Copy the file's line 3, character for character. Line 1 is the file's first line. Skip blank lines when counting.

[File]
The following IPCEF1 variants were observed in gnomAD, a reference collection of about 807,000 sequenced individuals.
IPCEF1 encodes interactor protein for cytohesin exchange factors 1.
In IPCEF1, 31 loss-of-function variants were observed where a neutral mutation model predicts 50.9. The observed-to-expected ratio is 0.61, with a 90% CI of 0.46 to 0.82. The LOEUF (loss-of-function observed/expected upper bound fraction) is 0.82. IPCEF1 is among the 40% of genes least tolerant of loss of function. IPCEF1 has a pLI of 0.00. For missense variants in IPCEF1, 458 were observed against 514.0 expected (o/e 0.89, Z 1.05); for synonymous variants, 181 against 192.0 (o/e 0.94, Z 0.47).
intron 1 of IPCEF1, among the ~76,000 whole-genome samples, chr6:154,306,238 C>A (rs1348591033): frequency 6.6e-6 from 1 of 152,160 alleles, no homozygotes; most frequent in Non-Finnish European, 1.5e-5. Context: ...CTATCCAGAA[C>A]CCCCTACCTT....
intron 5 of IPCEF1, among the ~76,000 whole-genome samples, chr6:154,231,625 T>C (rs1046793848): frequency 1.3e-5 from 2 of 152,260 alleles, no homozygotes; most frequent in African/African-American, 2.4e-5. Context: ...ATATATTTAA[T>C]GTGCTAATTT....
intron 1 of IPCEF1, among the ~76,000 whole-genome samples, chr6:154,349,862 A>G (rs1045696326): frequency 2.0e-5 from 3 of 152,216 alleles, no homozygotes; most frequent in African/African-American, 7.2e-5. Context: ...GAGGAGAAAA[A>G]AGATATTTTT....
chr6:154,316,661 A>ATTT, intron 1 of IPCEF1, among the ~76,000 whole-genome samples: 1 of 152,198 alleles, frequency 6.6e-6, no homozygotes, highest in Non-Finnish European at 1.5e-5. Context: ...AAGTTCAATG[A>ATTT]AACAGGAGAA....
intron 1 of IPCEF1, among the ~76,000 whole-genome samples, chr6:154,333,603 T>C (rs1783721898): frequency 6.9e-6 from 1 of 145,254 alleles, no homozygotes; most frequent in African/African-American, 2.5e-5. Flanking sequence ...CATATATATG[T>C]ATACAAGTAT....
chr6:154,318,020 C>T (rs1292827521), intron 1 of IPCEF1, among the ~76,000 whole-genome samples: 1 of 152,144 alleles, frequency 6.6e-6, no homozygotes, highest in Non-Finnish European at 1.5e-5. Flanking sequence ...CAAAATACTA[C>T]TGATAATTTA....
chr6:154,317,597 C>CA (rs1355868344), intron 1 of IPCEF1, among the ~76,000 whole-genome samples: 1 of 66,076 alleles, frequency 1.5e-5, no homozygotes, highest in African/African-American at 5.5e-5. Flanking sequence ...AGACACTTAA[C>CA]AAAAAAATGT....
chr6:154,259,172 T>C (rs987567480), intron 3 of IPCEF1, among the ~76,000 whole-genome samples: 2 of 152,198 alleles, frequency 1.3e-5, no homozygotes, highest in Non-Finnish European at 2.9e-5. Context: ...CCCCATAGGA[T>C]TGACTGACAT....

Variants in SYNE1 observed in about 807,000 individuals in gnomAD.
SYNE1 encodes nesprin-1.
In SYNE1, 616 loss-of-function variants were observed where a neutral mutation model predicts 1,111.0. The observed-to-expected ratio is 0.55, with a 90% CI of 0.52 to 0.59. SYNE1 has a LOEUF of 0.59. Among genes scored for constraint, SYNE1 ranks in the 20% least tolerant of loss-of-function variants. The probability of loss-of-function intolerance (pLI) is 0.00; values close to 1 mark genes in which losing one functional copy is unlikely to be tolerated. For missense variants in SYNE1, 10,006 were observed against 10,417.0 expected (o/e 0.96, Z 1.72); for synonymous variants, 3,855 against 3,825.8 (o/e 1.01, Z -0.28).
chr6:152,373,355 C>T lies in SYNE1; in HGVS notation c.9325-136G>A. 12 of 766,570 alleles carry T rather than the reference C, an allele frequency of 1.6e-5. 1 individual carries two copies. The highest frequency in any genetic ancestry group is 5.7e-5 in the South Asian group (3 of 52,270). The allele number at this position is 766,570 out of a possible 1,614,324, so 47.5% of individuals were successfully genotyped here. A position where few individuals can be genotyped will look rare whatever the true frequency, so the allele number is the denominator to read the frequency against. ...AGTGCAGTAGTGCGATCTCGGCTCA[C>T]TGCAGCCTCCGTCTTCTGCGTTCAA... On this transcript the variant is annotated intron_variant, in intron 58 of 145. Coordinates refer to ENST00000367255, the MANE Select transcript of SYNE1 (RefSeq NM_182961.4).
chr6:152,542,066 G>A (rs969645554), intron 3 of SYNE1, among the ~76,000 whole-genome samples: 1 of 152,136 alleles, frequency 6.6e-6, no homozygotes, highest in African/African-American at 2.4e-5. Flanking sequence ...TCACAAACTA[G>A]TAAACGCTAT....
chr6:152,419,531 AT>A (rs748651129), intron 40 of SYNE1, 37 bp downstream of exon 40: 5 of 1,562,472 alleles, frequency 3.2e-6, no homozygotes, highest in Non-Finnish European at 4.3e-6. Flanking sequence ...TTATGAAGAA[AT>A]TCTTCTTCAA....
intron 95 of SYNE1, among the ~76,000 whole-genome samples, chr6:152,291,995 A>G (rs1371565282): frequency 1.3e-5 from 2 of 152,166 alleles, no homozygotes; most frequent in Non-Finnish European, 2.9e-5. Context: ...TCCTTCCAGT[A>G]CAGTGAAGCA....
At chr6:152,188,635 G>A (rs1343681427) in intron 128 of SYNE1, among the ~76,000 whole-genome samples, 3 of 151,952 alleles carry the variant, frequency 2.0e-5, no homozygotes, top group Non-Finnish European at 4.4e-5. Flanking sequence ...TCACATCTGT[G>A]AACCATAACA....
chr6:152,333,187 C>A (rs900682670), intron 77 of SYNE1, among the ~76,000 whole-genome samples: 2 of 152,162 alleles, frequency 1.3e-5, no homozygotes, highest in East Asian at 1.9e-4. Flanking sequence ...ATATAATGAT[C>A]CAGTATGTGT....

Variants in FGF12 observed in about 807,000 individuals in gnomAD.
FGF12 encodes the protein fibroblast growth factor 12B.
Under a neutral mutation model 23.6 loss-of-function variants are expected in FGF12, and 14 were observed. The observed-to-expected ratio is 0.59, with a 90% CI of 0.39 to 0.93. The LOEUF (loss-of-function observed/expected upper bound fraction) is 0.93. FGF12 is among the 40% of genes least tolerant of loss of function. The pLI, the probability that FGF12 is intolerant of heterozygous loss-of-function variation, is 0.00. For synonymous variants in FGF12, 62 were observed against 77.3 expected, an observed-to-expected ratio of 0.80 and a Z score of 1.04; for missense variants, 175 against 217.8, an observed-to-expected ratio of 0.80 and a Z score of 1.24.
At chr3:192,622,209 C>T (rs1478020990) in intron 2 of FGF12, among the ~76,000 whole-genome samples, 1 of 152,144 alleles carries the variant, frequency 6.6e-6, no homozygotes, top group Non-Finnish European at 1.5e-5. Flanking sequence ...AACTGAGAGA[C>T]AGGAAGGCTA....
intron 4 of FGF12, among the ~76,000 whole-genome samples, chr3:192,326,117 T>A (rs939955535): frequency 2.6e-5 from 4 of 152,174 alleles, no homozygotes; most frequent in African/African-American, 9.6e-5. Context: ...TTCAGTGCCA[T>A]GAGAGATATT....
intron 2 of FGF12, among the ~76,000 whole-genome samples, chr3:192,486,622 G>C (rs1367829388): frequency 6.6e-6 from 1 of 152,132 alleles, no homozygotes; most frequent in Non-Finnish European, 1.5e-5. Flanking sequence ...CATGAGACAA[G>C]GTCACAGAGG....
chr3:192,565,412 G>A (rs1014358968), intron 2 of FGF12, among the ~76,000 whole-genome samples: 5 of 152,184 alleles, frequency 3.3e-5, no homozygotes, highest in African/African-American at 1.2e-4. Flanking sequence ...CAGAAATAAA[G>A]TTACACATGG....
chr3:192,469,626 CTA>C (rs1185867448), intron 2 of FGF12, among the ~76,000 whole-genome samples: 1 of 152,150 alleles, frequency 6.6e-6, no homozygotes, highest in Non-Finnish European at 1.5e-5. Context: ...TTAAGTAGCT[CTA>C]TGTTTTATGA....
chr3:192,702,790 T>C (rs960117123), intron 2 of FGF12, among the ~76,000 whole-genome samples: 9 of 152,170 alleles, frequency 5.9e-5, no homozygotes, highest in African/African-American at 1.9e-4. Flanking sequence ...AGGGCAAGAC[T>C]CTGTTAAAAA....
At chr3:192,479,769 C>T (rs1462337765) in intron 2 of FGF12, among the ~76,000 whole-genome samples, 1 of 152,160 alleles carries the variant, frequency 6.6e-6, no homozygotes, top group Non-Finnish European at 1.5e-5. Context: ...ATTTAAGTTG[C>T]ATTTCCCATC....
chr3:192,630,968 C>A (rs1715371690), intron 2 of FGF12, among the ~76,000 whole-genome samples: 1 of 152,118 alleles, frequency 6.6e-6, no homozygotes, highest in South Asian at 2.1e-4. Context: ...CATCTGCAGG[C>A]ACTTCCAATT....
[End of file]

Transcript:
In IPCEF1, 31 loss-of-function variants were observed where a neutral mutation model predicts 50.9. The observed-to-expected ratio is 0.61, with a 90% CI of 0.46 to 0.82. The LOEUF (loss-of-function observed/expected upper bound fraction) is 0.82. IPCEF1 is among the 40% of genes least tolerant of loss of function. IPCEF1 has a pLI of 0.00. For missense variants in IPCEF1, 458 were observed against 514.0 expected (o/e 0.89, Z 1.05); for synonymous variants, 181 against 192.0 (o/e 0.94, Z 0.47).